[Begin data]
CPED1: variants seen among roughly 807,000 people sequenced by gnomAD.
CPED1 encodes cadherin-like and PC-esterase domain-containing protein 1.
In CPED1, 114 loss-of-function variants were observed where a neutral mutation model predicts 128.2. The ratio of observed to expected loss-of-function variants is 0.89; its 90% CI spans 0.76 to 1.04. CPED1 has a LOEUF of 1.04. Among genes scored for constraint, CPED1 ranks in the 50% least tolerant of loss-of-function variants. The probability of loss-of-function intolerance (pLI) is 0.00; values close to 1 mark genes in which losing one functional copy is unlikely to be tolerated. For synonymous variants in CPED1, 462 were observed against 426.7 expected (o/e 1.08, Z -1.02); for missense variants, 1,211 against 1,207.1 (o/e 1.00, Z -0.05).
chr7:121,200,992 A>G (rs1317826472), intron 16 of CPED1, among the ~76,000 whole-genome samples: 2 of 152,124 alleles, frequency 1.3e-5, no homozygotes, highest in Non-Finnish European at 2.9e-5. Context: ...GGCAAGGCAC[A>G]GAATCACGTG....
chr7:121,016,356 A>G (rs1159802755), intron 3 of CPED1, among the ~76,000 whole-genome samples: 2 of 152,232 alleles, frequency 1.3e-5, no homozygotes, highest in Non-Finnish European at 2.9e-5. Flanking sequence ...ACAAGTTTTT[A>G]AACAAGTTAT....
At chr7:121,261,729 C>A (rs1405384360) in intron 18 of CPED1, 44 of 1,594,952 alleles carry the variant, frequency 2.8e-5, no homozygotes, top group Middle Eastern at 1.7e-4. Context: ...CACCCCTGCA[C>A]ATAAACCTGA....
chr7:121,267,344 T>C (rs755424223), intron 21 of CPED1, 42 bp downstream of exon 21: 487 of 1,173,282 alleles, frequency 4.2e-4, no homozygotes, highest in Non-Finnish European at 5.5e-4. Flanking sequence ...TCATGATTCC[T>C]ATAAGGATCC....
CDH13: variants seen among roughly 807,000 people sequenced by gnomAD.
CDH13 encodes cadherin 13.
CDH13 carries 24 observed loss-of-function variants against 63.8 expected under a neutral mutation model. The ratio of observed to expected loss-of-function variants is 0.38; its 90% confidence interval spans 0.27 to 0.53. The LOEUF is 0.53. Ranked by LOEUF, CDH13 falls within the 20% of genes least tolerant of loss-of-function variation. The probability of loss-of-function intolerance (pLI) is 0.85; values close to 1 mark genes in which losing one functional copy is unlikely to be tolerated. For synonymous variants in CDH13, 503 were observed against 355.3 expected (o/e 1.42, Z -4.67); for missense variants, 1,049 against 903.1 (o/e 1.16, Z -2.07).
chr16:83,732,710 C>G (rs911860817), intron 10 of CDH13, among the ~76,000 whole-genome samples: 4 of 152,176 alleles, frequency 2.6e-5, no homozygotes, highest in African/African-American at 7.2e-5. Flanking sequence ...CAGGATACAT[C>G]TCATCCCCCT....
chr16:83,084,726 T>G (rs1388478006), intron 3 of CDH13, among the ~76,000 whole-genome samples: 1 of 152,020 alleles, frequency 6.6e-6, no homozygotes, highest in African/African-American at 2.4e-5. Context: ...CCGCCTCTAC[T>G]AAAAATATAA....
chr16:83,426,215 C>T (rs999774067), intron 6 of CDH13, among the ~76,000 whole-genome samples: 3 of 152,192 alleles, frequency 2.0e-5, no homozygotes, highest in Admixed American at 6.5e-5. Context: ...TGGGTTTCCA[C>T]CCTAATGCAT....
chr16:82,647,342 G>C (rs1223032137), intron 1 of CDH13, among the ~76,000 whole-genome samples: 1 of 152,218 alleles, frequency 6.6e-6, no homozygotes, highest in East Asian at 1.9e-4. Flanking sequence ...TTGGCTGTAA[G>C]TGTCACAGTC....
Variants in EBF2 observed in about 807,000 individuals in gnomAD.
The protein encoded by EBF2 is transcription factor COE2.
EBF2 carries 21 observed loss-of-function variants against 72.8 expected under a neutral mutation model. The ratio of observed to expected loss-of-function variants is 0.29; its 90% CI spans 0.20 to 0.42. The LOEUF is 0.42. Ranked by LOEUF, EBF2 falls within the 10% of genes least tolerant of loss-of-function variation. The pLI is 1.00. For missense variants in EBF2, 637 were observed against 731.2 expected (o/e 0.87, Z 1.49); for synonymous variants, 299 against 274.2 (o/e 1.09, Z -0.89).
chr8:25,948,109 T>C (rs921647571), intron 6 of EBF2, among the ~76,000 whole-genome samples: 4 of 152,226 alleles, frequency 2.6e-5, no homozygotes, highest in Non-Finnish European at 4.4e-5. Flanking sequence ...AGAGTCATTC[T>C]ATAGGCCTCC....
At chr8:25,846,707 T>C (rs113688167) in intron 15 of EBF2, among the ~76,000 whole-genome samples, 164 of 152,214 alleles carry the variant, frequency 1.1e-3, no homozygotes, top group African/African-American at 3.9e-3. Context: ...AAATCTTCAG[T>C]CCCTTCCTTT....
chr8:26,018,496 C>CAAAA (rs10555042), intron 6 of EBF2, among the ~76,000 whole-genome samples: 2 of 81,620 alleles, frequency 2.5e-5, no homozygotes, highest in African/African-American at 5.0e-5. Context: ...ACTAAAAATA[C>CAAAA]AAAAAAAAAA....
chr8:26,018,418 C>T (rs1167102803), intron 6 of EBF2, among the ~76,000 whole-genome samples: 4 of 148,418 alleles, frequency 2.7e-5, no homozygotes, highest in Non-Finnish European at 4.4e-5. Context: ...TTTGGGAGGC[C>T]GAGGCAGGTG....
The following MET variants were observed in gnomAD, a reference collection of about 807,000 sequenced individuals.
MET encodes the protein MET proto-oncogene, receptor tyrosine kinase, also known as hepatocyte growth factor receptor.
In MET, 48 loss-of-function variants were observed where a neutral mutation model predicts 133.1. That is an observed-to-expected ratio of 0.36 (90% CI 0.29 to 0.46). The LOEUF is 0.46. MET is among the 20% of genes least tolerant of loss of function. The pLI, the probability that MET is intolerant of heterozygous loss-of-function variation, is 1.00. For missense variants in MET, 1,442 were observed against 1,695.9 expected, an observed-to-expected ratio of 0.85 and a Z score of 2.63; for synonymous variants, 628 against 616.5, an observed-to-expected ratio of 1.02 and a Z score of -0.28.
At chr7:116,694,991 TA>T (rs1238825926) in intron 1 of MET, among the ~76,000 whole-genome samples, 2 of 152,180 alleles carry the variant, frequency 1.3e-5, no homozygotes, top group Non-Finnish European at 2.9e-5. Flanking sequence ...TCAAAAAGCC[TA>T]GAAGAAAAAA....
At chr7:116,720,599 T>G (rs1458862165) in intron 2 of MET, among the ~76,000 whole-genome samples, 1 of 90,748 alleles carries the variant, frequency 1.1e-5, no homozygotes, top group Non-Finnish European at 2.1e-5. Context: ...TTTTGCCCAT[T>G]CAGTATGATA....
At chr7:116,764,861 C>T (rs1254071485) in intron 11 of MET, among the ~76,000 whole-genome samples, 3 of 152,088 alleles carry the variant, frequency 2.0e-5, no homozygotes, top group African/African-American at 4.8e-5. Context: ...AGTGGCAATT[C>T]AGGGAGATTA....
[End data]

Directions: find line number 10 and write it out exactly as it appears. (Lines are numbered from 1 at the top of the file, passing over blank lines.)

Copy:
CDH13 carries 24 observed loss-of-function variants against 63.8 expected under a neutral mutation model. The ratio of observed to expected loss-of-function variants is 0.38; its 90% confidence interval spans 0.27 to 0.53. The LOEUF is 0.53. Ranked by LOEUF, CDH13 falls within the 20% of genes least tolerant of loss-of-function variation. The probability of loss-of-function intolerance (pLI) is 0.85; values close to 1 mark genes in which losing one functional copy is unlikely to be tolerated. For synonymous variants in CDH13, 503 were observed against 355.3 expected (o/e 1.42, Z -4.67); for missense variants, 1,049 against 903.1 (o/e 1.16, Z -2.07).